context = context ^ htag
		hashset[htag] = True

I’m simplifying the pseudo-algorithm (the hash set implementation with a fixed array isn’t part of the sample) a bit, but you can see that even if the code looks a bit more complex, we removed the sort, and we still deduplicate tags!

Validating the performance wins


Since this new algorithm is self-contained, we used the Go benchmarks tooling to benchmark the old and the new algorithm and to compare their results. Here is a snippet of the benchmark we used, which itself generates benchmarks with different amount of tags to test multiple scenarios:

func BenchmarkContextGeneration(b *testing.B) {
	name := ""
	host := "myhostname"
	for tagsCount := 1; tagsCount < 4096; tagsCount *= 2 {
		// prepare a tags list
		tags := generateTags(tagsCount)

		// run a benchmark with “tagsCount” amount of tags
		b.Run(fmt.Sprintf("%d-tags", tagsCount), func(b *testing.B) {
			// generator contains the algorithm generating the contexts,
			generator := NewContextGenerator()
			for n := 0; n < b.N; n++ {
				generator.Generate(name, host, tags)

This benchmark has been executed against the two versions of the algorithm. Using benchstat to format the output, here are the results comparing the two versions of the algorithm:

KeyGeneration/1-tags-16     17.7ns ± 1%  15.3ns ± 1%  -13.75%  (p=0.008 n=5+5)
KeyGeneration/2-tags-16     24.6ns ± 1%  21.9ns ± 1%  -11.34%  (p=0.008 n=5+5)
KeyGeneration/4-tags-16     41.6ns ± 2%  35.6ns ± 1%  -14.37%  (p=0.008 n=5+5)
KeyGeneration/8-tags-16     76.1ns ± 2%  62.1ns ± 1%  -18.48%  (p=0.008 n=5+5)
KeyGeneration/16-tags-16     152ns ± 2%   114ns ± 2%  -25.12%  (p=0.008 n=5+5)
KeyGeneration/32-tags-16     303ns ± 1%   251ns ±12%  -17.27%  (p=0.008 n=5+5)
KeyGeneration/64-tags-16    1.74µs ± 2%  0.43µs ± 2%  -75.52%  (p=0.008 n=5+5)
KeyGeneration/128-tags-16   3.87µs ± 1%  0.86µs ± 1%  -77.85%  (p=0.008 n=5+5)
KeyGeneration/256-tags-16   8.85µs ± 2%  1.76µs ± 2%  -80.12%  (p=0.008 n=5+5)
KeyGeneration/512-tags-16   19.8µs ± 2%  11.4µs ± 2%  -42.58%  (p=0.008 n=5+5)

The benefits are clear, the new algorithm spends less time computing the metrics contexts.

Checking the profiles again

Let’s take a look at the CPU flamegraph after applying the design change for the contexts generation:

The CPU flamegraph after applying the design change for the contexts generation

Something immediately visible here is that the calls to sort functions have been completely removed. Another very interesting thing is that the dogstatsd.(*worker).run now represents a higher share of the Agent’s CPU usage, and it’s the same for the listeners. In effect, the Agent is processing the network traffic faster!

Benchmarks + graph

This work only makes sense if we first validate its benefits performance. It is not a coincidence that we did this in our benchmark environment. In this environment, we can visualize the performance changes through several dashboards and graphs quickly.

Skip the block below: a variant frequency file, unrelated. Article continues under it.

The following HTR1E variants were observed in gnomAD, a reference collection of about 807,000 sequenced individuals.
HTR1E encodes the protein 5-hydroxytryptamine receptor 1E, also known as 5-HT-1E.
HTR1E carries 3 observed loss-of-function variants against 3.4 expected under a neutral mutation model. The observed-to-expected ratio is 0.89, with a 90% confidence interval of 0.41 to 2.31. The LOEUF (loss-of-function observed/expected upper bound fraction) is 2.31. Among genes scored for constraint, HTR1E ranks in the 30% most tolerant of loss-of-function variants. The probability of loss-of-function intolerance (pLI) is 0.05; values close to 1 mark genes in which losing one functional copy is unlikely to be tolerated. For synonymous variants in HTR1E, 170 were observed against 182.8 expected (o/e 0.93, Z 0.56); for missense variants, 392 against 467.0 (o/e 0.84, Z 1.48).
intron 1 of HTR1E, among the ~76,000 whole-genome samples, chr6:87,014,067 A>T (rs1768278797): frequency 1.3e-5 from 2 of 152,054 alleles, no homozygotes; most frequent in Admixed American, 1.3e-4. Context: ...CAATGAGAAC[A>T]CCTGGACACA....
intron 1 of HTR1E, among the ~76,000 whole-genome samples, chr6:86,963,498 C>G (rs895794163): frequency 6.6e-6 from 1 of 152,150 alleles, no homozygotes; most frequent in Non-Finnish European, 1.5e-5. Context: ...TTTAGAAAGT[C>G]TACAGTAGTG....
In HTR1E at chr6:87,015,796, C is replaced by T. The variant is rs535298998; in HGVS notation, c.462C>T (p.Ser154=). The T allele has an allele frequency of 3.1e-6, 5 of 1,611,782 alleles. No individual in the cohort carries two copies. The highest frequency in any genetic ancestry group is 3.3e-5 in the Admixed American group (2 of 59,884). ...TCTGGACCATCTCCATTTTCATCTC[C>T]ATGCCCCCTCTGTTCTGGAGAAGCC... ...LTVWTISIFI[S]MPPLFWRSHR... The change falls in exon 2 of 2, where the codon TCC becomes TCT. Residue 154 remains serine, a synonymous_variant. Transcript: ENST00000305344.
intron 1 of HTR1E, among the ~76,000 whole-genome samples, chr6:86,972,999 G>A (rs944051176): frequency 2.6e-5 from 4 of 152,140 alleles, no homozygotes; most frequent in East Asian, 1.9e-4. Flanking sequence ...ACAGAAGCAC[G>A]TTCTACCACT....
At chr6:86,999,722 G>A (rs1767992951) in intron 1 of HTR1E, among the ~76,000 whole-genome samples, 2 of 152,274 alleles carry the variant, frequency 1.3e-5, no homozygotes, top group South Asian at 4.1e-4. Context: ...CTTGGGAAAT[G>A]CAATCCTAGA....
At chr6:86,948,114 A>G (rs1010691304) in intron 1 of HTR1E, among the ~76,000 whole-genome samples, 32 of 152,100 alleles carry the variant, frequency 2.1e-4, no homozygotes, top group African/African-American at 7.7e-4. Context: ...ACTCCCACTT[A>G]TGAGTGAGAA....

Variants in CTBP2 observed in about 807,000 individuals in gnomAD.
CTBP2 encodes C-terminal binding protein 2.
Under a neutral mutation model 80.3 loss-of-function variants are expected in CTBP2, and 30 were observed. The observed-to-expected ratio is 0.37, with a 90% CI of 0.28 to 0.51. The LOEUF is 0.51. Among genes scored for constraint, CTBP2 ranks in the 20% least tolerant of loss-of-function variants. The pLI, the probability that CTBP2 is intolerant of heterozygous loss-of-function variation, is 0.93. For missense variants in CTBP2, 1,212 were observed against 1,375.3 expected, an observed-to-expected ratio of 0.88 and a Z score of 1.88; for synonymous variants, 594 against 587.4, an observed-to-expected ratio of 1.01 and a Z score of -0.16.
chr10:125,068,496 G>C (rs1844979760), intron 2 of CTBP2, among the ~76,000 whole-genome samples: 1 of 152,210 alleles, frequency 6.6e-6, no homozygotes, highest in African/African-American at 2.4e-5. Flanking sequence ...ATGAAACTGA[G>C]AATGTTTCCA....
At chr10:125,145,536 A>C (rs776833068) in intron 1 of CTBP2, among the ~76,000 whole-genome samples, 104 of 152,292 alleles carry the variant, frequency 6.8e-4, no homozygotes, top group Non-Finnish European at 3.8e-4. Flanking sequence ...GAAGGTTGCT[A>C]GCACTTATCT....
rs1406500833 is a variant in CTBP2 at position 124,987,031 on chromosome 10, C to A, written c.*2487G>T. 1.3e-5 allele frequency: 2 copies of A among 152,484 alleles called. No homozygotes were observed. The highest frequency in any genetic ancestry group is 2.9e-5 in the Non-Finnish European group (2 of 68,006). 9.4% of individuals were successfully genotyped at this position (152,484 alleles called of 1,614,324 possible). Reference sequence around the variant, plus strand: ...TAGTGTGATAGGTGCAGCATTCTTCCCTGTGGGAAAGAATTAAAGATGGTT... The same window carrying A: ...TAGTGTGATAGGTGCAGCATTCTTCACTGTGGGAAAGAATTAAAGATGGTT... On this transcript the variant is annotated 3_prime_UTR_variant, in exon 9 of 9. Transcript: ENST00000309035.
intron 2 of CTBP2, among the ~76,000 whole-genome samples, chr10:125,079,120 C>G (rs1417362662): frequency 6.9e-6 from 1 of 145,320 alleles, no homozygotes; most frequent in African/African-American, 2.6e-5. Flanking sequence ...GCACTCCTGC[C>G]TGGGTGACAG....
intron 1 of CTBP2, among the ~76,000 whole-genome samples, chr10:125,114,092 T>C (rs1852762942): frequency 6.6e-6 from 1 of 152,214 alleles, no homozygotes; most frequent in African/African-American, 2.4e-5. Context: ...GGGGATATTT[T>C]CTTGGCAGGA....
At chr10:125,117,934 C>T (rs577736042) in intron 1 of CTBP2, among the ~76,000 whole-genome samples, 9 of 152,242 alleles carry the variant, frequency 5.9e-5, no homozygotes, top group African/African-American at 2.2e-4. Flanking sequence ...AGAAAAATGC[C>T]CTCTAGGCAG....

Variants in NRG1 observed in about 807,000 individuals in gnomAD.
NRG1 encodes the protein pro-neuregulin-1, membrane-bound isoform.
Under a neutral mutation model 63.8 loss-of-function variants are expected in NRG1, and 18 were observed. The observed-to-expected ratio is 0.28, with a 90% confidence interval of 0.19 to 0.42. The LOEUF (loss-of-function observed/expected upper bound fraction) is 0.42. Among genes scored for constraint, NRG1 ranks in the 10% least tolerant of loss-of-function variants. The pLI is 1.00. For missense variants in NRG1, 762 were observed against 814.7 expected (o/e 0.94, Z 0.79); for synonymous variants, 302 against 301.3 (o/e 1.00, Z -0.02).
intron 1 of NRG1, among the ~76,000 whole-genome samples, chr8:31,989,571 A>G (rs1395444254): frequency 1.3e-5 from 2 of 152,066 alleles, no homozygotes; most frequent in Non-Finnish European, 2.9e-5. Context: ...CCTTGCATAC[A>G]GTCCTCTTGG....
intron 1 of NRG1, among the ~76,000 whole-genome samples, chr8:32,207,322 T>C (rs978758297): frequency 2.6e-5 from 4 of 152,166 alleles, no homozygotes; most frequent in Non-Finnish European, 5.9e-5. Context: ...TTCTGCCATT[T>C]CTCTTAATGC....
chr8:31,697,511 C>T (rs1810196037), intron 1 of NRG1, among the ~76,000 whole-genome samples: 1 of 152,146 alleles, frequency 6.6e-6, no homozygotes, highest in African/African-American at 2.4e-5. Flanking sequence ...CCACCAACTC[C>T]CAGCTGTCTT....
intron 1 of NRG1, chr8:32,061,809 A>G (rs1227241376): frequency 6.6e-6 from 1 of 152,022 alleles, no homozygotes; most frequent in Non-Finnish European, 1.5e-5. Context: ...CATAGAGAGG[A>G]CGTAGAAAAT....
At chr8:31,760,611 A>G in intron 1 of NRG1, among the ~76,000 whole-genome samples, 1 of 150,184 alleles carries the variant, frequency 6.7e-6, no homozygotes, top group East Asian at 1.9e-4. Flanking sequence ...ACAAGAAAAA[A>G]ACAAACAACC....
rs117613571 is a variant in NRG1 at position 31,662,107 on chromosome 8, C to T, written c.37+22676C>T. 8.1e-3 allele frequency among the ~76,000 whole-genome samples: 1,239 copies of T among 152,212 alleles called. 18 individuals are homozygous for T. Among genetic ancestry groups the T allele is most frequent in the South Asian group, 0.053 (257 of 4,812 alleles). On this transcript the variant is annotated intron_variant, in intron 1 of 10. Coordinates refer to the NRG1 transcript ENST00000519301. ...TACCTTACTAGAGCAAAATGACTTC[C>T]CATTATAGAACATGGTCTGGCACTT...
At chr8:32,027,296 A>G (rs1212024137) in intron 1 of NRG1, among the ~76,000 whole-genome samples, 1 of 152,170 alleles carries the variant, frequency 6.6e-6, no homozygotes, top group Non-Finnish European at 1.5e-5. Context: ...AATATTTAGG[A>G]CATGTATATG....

The rate we used in the graphs below is approximately 200k DogStatsD metrics/s sent to an Agent running on small cloud VMs with four cores. To have exploitable results, our benchmark runs the scenario on multiple hosts, and the graphs display an average for all the hosts per scenario.

The compared scenarios are a Datadog Agent without the change (orange) and a Datadog Agent with the change (purple). When looking at the CPU usage, you can immediately see that the Datadog Agent with the improvement performs way better than the one without it. On average, the CPU usage decreased by 40%, using 1 core instead of 1.6 to process the same number of metrics.

a Datadog Agent without the change (top) and a Datadog Agent with the change (bottom)

But what about Datadog Profiling?

When we decided we needed to do this project to improve our performance, our Profiling product wasn’t yet available in Go. However, now that we do have an official Profiling product that we can dogfood, it would be very interesting to implement Datadog Profiling as a next phase for performance improvements. Dogfooding would give us more facets to filter by, we’ll also be able to track the deployments over time and immediately see if there is a deployment that degrades performance. We’ll also be able to combine data with other Datadog products that we’re dogfooding, like APM.


Every performance optimization is different and goes through various steps of investigation and exploration. We found this particular one interesting, and we hope this article demonstrates how beneficial performance optimizations can be, from the simplest to the most complex ones. We were able to adapt the design and improve the Datadog Agent’s code, leading to better overall performance while processing metrics, and do it without any trade-off on CPU usage. Hopefully, you can reuse some of our techniques to improve performance in your applications. If you’re interested in solving Agent performance problems, join us: Datadog is hiring.